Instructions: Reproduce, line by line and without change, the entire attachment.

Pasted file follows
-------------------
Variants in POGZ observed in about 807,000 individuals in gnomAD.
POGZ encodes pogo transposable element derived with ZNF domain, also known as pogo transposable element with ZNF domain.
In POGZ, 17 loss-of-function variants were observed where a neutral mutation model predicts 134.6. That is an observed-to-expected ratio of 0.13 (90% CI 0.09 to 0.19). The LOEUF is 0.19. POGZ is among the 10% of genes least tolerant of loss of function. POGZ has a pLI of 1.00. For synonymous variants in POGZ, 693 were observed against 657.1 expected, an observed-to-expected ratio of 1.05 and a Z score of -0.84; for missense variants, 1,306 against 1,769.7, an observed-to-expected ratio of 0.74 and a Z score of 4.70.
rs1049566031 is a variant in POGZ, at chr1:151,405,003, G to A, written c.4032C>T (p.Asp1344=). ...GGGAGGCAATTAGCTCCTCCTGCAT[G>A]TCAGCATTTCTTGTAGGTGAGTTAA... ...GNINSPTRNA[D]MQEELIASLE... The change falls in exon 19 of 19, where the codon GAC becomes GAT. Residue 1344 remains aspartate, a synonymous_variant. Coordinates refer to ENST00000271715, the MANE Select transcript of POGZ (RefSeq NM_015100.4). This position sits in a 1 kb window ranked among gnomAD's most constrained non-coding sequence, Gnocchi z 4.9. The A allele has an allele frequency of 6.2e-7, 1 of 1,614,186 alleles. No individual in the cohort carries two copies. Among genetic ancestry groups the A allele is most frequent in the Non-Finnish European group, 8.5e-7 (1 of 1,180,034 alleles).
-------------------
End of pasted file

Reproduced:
Variants in POGZ observed in about 807,000 individuals in gnomAD.
POGZ encodes pogo transposable element derived with ZNF domain, also known as pogo transposable element with ZNF domain.
In POGZ, 17 loss-of-function variants were observed where a neutral mutation model predicts 134.6. That is an observed-to-expected ratio of 0.13 (90% CI 0.09 to 0.19). The LOEUF is 0.19. POGZ is among the 10% of genes least tolerant of loss of function. POGZ has a pLI of 1.00. For synonymous variants in POGZ, 693 were observed against 657.1 expected, an observed-to-expected ratio of 1.05 and a Z score of -0.84; for missense variants, 1,306 against 1,769.7, an observed-to-expected ratio of 0.74 and a Z score of 4.70.
rs1049566031 is a variant in POGZ, at chr1:151,405,003, G to A, written c.4032C>T (p.Asp1344=). ...GGGAGGCAATTAGCTCCTCCTGCAT[G>A]TCAGCATTTCTTGTAGGTGAGTTAA... ...GNINSPTRNA[D]MQEELIASLE... The change falls in exon 19 of 19, where the codon GAC becomes GAT. Residue 1344 remains aspartate, a synonymous_variant. Coordinates refer to ENST00000271715, the MANE Select transcript of POGZ (RefSeq NM_015100.4). This position sits in a 1 kb window ranked among gnomAD's most constrained non-coding sequence, Gnocchi z 4.9. The A allele has an allele frequency of 6.2e-7, 1 of 1,614,186 alleles. No individual in the cohort carries two copies. Among genetic ancestry groups the A allele is most frequent in the Non-Finnish European group, 8.5e-7 (1 of 1,180,034 alleles).